The Split Nap Hack for All-Nighters

A new analysis of night shift nap studies points to the optimal snooze schedule for fending off exhaustion and drowsiness in early morning hours.

Asian Scientist Magazine (Nov. 27, 2023) —Irrespective of the work we do, many of us have used naps to pull all-nighters, whether to finish writing a grant proposal or to manage air traffic on airports. Healthcare professionals like on-call doctors and nurses are no stranger to non-traditional work hours. In Japan, nurses typically sleep up to 2 hours during their 16-hour night duties. A nap during prolonged workhours helps improve alertness, memory and cognitive performance, and reduce the risk for human errors.

In a study published in Scientific Reports, Sanae Oriyama, a nursing professor at Hiroshima University’s Graduate School of Biomedical and Health Sciences, reexamined her past pilot studies on night shift naps to identify the optimal snooze strategy for powering through the night.

Although nurses find a 2-hour shut-eye helpful, a single block of sleep is often insufficient to beat morning drowsiness and fatigue during the remaining wakeful portion of a night shift. Oriyama hypothesized that dividing this nap time into two separate breaks could prolong the restorative benefits.

To find out, Oriyama compared three pilot studies that she co-authored between 2012 and 2018, that assessed the effectiveness of ‘no-nap’, ‘one-nap’ and ‘two-nap’ within a 4 p.m. to 9 a.m. shift.

“I want to be able to combine multiple naps, depending on the type of work and time of day, and choose naps that are effective at reducing drowsiness, fatigue, and maintaining performance,” she said.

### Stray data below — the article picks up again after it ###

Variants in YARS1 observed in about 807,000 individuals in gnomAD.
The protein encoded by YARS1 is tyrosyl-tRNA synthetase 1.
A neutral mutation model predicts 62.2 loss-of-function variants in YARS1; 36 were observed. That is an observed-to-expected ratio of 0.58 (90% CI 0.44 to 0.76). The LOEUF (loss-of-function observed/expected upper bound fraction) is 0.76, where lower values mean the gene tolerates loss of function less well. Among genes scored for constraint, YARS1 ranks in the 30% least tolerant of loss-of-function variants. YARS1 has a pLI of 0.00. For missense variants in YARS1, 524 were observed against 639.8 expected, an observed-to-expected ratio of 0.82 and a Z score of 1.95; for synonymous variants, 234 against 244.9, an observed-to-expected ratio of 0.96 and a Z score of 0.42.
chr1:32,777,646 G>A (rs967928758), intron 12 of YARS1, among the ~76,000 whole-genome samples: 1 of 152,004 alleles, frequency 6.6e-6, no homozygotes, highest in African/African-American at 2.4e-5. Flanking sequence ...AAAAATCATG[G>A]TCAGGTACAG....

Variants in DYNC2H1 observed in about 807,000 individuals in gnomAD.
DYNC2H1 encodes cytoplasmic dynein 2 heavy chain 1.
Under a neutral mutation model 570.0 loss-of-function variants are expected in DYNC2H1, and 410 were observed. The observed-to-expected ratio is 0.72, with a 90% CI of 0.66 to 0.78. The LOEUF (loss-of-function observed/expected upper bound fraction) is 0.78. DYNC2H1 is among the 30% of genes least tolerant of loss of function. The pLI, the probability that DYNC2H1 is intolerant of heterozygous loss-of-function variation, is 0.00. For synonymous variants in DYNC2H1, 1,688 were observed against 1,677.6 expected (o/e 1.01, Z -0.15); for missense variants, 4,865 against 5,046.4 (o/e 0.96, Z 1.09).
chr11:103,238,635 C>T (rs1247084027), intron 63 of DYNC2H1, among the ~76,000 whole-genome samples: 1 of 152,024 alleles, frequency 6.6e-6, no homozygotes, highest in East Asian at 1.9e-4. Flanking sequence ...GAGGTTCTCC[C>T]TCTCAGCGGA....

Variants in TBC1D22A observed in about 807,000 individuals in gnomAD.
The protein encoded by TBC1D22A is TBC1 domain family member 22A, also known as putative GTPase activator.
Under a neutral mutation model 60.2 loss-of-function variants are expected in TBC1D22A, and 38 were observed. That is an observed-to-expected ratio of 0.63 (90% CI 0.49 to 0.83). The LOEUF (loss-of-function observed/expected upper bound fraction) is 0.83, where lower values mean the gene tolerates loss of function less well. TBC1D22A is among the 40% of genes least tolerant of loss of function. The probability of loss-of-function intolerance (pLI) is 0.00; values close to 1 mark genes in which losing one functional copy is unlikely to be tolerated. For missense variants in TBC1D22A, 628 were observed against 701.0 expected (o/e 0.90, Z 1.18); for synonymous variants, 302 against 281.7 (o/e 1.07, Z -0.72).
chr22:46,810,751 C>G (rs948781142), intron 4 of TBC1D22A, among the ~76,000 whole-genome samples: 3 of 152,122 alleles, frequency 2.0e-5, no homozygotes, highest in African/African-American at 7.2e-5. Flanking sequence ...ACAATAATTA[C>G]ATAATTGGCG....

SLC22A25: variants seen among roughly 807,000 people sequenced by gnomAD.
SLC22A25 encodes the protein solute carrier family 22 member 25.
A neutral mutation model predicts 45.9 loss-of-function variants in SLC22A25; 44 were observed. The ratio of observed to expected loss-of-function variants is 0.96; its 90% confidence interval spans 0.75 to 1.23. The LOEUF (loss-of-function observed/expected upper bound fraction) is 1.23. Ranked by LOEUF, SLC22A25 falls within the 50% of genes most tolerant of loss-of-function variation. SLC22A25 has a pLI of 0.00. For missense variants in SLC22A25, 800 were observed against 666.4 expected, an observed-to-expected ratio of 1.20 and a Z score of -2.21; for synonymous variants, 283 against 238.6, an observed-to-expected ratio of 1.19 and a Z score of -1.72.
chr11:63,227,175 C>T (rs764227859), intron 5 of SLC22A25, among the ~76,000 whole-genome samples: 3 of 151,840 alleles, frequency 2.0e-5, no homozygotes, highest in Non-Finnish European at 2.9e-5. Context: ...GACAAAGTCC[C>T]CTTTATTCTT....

A total of 41 healthy female participants in their 20’s volunteered to sit at a desk in a windowless and sound-proofed laboratory as a night shift simulation. The participants either did not nap (no-nap), took a 120-minute snooze that ended at 12 a.m (one-nap), or a split nap of 90 minutes and 30 minutes (two-nap), ending at 12 a.m. and 3 a.m., respectively.

In addition to monitoring their heart rate and body temperature, the participants provided hourly self-assessment ratings of their fatigue and drowsiness levels. They also completed the Uchida-Kraepelin test (UKT), a timed basic math exam designed to evaluate task performance.

The results revealed that participants who had a single 120-minute nap concluding at midnight experienced heightened drowsiness, which began at 4 a.m. and lasted until the end of their shift. Conversely, those who underwent the split nap regimen were able to fend off sleepiness until 6 a.m. In terms of fatigue, while all three nap groups reported significantly increased levels of it between 4 a.m. and 9 a.m., the two-nap group experienced it with a relatively lower intensity than the other groups.

Nevertheless, neither the single nap nor the split naps resulted in a noteworthy improvement in cognitive task performance.

“A 90-minute nap to maintain long-term performance and a 30-minute nap to maintain lower fatigue levels and fast reactions, as a strategic combination of naps, can be valuable for early morning work efficiency and safety,” said Oriyama, sole author of the study.

Different nap start times explored in the previous studies also indicated that timing the nap later during the shift was more effective in staving off sleepiness and exhaustion. However, delaying it for too long could compromise focus and increase drowsiness before the nap.

These findings offer valuable recommendations for managing sleepiness and fatigue during restricted rest intervals and actual 16-hour overnight shifts. Oriyama highlights that this approach could also prove beneficial in combatting sleep deprivation for mothers caring for infants.

Source: Hiroshima University ; Images: Shutterstock

The article can be found at Effects of 90‑ and 30‑min naps or a 120‑min nap on alertness and performance: reanalysis of an existing pilot study.

Disclaimer: This article does not necessarily reflect the views of Asian Scientist or its staff.


Nishat is a science journalist. She graduated with an MSc in Biomedical Science from Monash University where she worked with a cellular model of Parkinson’s Disease. Nishat loves lending her voice to bring science closer to society.

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